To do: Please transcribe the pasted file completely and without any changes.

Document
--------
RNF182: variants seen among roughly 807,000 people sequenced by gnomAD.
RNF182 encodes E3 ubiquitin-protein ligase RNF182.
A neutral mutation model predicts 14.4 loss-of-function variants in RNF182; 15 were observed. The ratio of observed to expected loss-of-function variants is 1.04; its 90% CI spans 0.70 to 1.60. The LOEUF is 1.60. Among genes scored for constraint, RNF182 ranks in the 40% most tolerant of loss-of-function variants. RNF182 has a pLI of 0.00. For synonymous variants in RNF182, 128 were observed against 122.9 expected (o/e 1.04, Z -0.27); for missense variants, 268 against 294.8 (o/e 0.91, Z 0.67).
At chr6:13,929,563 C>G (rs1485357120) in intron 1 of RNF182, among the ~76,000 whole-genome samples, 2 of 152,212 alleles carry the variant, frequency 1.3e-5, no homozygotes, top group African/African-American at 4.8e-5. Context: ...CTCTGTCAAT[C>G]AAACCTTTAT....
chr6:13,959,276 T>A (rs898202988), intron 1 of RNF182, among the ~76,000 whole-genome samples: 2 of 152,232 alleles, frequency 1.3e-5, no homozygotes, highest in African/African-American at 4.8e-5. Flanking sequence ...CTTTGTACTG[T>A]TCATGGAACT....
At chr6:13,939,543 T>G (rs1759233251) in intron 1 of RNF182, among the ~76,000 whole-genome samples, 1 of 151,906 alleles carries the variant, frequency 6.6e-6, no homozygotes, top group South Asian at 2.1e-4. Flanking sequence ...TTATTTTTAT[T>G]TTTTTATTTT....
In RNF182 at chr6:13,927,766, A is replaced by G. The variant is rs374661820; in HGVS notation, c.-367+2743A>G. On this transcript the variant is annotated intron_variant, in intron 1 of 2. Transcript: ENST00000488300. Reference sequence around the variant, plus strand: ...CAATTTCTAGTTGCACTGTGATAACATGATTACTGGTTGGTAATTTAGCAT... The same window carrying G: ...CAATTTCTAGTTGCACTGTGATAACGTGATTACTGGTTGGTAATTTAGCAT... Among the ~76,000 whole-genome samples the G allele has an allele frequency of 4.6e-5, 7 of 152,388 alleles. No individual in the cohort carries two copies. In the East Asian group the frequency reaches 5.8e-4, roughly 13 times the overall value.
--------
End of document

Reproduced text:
RNF182: variants seen among roughly 807,000 people sequenced by gnomAD.
RNF182 encodes E3 ubiquitin-protein ligase RNF182.
A neutral mutation model predicts 14.4 loss-of-function variants in RNF182; 15 were observed. The ratio of observed to expected loss-of-function variants is 1.04; its 90% CI spans 0.70 to 1.60. The LOEUF is 1.60. Among genes scored for constraint, RNF182 ranks in the 40% most tolerant of loss-of-function variants. RNF182 has a pLI of 0.00. For synonymous variants in RNF182, 128 were observed against 122.9 expected (o/e 1.04, Z -0.27); for missense variants, 268 against 294.8 (o/e 0.91, Z 0.67).
At chr6:13,929,563 C>G (rs1485357120) in intron 1 of RNF182, among the ~76,000 whole-genome samples, 2 of 152,212 alleles carry the variant, frequency 1.3e-5, no homozygotes, top group African/African-American at 4.8e-5. Context: ...CTCTGTCAAT[C>G]AAACCTTTAT....
chr6:13,959,276 T>A (rs898202988), intron 1 of RNF182, among the ~76,000 whole-genome samples: 2 of 152,232 alleles, frequency 1.3e-5, no homozygotes, highest in African/African-American at 4.8e-5. Flanking sequence ...CTTTGTACTG[T>A]TCATGGAACT....
At chr6:13,939,543 T>G (rs1759233251) in intron 1 of RNF182, among the ~76,000 whole-genome samples, 1 of 151,906 alleles carries the variant, frequency 6.6e-6, no homozygotes, top group South Asian at 2.1e-4. Flanking sequence ...TTATTTTTAT[T>G]TTTTTATTTT....
In RNF182 at chr6:13,927,766, A is replaced by G. The variant is rs374661820; in HGVS notation, c.-367+2743A>G. On this transcript the variant is annotated intron_variant, in intron 1 of 2. Transcript: ENST00000488300. Reference sequence around the variant, plus strand: ...CAATTTCTAGTTGCACTGTGATAACATGATTACTGGTTGGTAATTTAGCAT... The same window carrying G: ...CAATTTCTAGTTGCACTGTGATAACGTGATTACTGGTTGGTAATTTAGCAT... Among the ~76,000 whole-genome samples the G allele has an allele frequency of 4.6e-5, 7 of 152,388 alleles. No individual in the cohort carries two copies. In the East Asian group the frequency reaches 5.8e-4, roughly 13 times the overall value.